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Tight glucose control by intensive insulin therapy in Belgian ICU: an evaluation of practice


Recent data suggest that a tight glucose control by intensive intensive therapy (TGCIIT) may improve survival of critically ill patients. The optimal target for blood glucose (BG), however, is a matter of debate and controversy, and the constraints associated with the implementation of TGCIIT are considerable.


The present study surveyed the current practice of glucose management. We sent a multiple-choice questionnaire to 120 Belgian ICUs, on behalf of the Belgian Federal Board for Intensive Care.


Fifty-two ICUs (43%) answered. A total of 489 patients were staying in the ICUs when the questionnaire was filled. The number of glucometers per ICU bed averaged 0.6 ± 0.4 and the nurse/patient ratio averaged 0.6 ± 0.3. Glucose control is felt to be an important issue by all participants, while 96% are aware of the results of the landmark 2001 study of Van den Berghe and colleagues. Ninety percent changed their practice following this study. Fifty percent of the responders use TGCIIT for every patient, while others restricted TGCIIT to long-stayers, septic or diabetic patients. An algorithm is used for glucose control by 98% of the participants. The BG target is 80–110 mg/dl and 110–140 mg/dl for 27% and for 56% of the responders, respectively. BG is checked systematically two to eight times per day (five to eight times for 54%), on blood and capillary samples. Prior to the achievement of the target BG, checks are performed hourly (60%) or every 2 hours (28%). Once the target BG is reached, checks are performed six times (45%) to 12 times (36%) a day. The amount of glucose supplied per day ranged from 50 g to more than 200 g, with 55% of the participants providing 75–150 g. For 81% of the responders, patients are discharged from the ICU with subcutaneous insulin therapy. Finally, 98% of the responders are waiting for recommendations concerning TGCIIT.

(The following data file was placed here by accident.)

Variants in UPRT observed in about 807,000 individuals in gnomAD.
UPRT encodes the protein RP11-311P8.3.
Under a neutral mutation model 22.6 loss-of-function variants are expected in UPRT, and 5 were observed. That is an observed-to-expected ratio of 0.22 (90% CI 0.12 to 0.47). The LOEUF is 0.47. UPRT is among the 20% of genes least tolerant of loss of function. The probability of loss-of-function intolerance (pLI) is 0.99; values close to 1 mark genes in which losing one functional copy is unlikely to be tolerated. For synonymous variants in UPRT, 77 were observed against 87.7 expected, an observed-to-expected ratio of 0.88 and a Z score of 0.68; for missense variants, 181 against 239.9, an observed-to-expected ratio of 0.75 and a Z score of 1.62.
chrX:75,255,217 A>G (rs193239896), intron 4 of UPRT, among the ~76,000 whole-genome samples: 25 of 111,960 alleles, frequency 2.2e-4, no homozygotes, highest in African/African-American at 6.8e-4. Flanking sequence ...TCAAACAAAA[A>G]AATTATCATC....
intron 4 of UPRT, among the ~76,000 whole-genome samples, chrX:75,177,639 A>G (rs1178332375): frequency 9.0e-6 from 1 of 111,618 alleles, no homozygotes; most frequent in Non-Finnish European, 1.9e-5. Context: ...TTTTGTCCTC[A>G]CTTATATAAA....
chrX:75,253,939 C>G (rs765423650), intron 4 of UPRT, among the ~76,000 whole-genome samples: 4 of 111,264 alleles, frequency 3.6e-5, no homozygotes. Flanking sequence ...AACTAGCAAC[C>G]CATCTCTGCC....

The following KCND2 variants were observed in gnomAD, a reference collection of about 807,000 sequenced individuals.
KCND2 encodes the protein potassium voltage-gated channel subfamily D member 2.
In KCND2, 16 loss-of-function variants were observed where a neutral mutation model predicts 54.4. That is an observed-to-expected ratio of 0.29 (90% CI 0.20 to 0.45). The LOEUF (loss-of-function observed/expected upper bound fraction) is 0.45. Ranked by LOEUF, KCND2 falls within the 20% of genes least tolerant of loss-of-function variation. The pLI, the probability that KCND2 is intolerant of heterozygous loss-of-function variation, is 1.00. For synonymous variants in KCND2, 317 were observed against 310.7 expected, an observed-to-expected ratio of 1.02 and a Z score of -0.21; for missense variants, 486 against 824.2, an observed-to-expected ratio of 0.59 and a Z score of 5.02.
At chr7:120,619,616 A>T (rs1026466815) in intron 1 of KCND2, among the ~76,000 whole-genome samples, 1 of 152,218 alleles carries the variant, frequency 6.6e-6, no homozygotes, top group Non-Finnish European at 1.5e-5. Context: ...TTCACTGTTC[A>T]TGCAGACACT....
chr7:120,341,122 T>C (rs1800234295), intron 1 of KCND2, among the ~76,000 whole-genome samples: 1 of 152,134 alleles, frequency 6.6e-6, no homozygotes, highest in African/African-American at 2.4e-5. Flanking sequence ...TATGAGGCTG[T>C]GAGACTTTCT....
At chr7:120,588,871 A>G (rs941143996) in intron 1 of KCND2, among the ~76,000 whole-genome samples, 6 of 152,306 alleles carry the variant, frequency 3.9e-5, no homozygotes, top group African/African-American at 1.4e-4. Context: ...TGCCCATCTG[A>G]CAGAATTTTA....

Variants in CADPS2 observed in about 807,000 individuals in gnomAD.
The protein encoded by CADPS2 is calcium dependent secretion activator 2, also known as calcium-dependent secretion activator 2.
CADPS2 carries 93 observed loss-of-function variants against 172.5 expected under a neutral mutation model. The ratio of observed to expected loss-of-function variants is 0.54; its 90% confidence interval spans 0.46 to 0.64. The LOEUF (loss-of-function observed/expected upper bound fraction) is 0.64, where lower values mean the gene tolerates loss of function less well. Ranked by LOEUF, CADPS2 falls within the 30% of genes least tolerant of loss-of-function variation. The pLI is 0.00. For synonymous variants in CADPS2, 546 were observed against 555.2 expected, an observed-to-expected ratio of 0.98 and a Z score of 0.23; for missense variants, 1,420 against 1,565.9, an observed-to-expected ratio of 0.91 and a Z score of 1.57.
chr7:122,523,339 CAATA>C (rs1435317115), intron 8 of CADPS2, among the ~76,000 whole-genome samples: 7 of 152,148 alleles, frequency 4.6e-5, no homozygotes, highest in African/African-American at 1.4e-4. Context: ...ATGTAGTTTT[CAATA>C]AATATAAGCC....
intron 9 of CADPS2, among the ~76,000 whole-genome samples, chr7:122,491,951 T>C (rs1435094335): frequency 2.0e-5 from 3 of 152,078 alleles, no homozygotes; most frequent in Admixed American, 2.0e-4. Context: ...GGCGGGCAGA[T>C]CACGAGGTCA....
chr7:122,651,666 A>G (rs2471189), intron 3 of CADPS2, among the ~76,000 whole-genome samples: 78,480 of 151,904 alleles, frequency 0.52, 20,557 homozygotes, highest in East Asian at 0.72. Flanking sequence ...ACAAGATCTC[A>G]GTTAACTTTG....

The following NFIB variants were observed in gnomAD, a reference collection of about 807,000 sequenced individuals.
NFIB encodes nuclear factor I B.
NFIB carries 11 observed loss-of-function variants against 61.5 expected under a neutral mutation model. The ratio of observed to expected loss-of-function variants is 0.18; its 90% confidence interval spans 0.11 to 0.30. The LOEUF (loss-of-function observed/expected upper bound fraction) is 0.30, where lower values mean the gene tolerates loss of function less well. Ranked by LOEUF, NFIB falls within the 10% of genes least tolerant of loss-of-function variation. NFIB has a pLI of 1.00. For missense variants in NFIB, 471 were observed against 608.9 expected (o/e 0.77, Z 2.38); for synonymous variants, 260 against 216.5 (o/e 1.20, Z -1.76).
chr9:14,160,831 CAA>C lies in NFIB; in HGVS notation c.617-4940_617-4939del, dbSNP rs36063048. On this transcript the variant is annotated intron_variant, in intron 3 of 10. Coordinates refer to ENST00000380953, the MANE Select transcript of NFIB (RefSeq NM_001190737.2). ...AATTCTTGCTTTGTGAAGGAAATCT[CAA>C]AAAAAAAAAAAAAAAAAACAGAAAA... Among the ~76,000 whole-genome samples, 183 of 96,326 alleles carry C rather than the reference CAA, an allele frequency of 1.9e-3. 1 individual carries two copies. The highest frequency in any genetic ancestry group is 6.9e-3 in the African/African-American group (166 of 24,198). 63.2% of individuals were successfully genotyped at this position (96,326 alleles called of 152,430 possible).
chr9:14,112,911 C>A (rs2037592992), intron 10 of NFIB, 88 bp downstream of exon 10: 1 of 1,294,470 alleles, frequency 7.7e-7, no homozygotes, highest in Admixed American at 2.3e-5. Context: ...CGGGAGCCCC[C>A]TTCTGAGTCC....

In spite of an awareness of TGCIIT, the current practice is largely variable among ICUs. The need for practical recommendations, including the type of patients, the equipment required and the optimal BG target, is underlined by these data.

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Preiser, J., Sottiaux, T. Tight glucose control by intensive insulin therapy in Belgian ICU: an evaluation of practice. Crit Care 12 (Suppl 2), P157 (2008).

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